Due to the coronavirus pandemic, it may be more difficult for some home buyers to get no-or low-deposit home loans. For example, the nation’s largest lender, the Commonwealth Bank, has said it would be toughening up its lending policies for new borrowers to ensure they can comfortably meet their repayments.
In addition, some borrowers with a loan-to-value ratio (LVR) above 80% – in other words a less than a 20% deposit – may find it more difficult to be approved for lenders mortgage insurance (LMI). QBE, one of the major LMI providers in Australia, has suspended its LMI cover for new loans taken out by borrowers working in industries that have been directly impacted by the pandemic, such as gyms, beauty salons, tourism and hospitality industries. This means some home buyers would no longer be able to get a loan without a 20% deposit.
Despite the pandemic, the government’s First Home Loan Deposit Scheme (FHLDS) is still operating and may help eligible applicants buy a home without LMI. Under the scheme, the Australian Government will guarantee a limited number of low-deposit loans, for eligible low- and middle-income earners, but these borrowers would still need to have saved up a deposit of at least 5% of a property’s value.
Can you get a home loan with no deposit?
In Australia, you may be able to get approved for a loan of 100% of the purchase price of a home through some lenders if you can meet certain conditions, such as having a guarantor on the loan. This is usually determined on a case-by-case basis by the lender.
That said, it’s generally not all that common for lenders to offer home loans with absolutely no requirement for the borrower to have a deposit. However, some may offer minimum deposit home loans with an LVR of 95% if the borrower has a reliable income source and meets other criteria such as having a good credit score. This means the borrower still needs to save a deposit of 5% of the purchase price and may need to pay for LMI. At the time of writing, Canstar’s database contains 496 principal and interest owner-occupier home loan products with an LVR of 95% or higher. This includes variable and fixed products and does not include package products.
Even if you don’t need to provide a deposit for your home loan, there are typically other upfront costs involved in buying a home you will need to budget for, such as stamp duty, legal fees, building inspections and more.
As for whether a no-deposit home loan is a good idea or not, as we explain below, they aren’t necessarily suitable for every type of borrower, and there are a few common risks you may want to be aware of before applying for one.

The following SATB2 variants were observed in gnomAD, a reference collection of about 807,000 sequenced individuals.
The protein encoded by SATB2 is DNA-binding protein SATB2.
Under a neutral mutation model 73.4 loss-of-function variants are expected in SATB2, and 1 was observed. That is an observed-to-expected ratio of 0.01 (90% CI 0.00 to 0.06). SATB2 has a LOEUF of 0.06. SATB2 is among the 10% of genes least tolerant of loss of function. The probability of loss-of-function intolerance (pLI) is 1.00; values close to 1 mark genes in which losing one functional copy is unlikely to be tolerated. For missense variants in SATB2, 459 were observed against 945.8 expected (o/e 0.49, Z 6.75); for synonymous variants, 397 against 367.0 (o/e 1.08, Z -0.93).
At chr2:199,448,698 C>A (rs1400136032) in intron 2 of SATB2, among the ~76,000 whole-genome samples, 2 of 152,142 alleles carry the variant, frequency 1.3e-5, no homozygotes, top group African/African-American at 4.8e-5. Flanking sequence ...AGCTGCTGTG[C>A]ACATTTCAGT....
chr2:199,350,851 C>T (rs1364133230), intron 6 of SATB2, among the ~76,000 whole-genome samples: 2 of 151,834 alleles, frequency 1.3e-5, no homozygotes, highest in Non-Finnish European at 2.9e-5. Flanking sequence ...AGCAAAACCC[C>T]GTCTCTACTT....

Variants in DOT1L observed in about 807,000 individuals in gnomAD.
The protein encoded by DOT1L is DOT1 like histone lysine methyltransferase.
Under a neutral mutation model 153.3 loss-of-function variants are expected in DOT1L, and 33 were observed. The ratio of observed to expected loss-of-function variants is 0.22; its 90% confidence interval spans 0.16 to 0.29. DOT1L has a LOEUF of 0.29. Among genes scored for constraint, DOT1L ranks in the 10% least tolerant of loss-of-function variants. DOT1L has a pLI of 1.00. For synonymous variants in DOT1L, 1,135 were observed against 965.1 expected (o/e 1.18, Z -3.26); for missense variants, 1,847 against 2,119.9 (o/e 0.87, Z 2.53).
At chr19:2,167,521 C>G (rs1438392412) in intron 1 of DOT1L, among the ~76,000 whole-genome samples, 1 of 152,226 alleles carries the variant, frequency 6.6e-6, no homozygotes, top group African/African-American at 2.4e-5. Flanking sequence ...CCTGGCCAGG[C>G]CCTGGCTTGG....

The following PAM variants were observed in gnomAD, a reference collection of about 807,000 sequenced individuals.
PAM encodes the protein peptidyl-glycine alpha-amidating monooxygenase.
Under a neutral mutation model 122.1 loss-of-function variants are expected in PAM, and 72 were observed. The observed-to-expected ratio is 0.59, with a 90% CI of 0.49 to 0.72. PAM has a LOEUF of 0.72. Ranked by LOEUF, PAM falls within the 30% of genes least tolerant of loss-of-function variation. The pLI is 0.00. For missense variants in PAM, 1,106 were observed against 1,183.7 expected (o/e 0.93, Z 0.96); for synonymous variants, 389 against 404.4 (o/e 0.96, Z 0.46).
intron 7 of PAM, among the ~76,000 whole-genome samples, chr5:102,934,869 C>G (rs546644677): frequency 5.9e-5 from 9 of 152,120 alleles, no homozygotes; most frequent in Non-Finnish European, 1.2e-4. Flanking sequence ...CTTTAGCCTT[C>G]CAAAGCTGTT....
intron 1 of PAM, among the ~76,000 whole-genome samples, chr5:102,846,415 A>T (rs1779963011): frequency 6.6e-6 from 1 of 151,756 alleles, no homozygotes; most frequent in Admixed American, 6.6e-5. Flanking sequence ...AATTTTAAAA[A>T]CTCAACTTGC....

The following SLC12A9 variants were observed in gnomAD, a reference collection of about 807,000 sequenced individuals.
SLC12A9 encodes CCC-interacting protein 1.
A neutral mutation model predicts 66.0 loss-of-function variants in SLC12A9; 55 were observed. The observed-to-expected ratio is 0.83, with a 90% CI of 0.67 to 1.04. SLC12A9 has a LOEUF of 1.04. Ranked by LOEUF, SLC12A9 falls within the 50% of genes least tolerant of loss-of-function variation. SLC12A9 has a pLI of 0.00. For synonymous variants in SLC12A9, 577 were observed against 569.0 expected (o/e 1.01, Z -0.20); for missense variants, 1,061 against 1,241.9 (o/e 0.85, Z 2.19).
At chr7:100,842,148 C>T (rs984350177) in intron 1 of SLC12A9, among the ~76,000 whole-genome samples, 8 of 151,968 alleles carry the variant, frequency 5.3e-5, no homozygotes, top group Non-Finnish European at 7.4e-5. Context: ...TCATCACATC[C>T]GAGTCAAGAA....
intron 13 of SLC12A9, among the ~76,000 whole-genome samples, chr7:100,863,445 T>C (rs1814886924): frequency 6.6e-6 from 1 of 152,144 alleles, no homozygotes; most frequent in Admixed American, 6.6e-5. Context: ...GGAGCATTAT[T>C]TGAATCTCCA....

Lending criteria for no-deposit, 100% LVR home loans
Lenders typically apply very strict criteria when looking at applications for no-deposit home loans to account for the level of risk involved in lending to someone in that situation. Requirements for no-deposit borrowers may include:
- High credit score: Borrowers must generally have a high credit score with one of the main credit reporting agencies (Equifax, Illion or Experian).
- Responsible repayment history: Similarly, borrowers are typically required to show they have been paying all of their current debts on time, such as credit cards, personal loans and rent.
- Stable employment income: No-deposit borrowers generally must have a stable, ongoing job that provides an income high enough that they can afford to repay the loan.
What are your options if you’d like a no- or low-deposit home loan?
Examples of how you may be able to get a home loan if you lack the savings for a deposit include:
- Guarantor provides deposit or co-signs loan
- First Home Owners Grant (FHOG)
- First Home Loan Deposit Scheme
- Monetary gift
- Equity in another property
- Personal loan
We’ve explained each of these options in more detail below.
Asking someone to go guarantor for you
One option for breaking into the property market is to ask a family member if they would be willing to co-sign your loan as a home loan guarantor. Some lenders may let borrowers borrow up to 100% of the property value if they have a parental guarantor.
It’s not a request that should be made or granted lightly. If your parents go guarantor on your loan, it means they need to provide documentation proving they could repay your loan if you failed to meet the repayments. It also means that if you did miss a repayment, they would become liable for the loan repayments. Find out more about the requirements for a guarantor home loan and the pros and cons of asking your parents to help you buy a house.